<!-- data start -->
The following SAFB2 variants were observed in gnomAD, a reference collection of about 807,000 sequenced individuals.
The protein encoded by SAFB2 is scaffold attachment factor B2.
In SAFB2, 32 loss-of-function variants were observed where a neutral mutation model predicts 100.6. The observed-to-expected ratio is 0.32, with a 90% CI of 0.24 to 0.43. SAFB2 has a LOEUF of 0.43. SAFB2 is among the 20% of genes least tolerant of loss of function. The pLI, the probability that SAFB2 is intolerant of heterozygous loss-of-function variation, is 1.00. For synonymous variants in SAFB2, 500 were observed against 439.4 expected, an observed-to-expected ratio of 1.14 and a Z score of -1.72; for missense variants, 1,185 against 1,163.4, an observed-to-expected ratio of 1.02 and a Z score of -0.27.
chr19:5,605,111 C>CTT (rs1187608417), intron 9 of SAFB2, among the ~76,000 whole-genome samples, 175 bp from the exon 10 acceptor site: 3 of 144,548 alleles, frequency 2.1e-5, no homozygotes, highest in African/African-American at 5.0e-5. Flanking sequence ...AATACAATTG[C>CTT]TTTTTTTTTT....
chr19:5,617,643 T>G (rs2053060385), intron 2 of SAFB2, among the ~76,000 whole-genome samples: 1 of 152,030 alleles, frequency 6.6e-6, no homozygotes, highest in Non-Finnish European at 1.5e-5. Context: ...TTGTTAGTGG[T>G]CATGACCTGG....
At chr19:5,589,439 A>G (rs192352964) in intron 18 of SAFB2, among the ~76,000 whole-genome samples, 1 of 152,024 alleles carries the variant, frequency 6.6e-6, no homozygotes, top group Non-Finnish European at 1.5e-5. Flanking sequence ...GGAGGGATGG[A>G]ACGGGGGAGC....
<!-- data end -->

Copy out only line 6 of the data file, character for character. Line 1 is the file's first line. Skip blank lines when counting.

At chr19:5,589,439 A>G (rs192352964) in intron 18 of SAFB2, among the ~76,000 whole-genome samples, 1 of 152,024 alleles carries the variant, frequency 6.6e-6, no homozygotes, top group Non-Finnish European at 1.5e-5. Flanking sequence ...GGAGGGATGG[A>G]ACGGGGGAGC....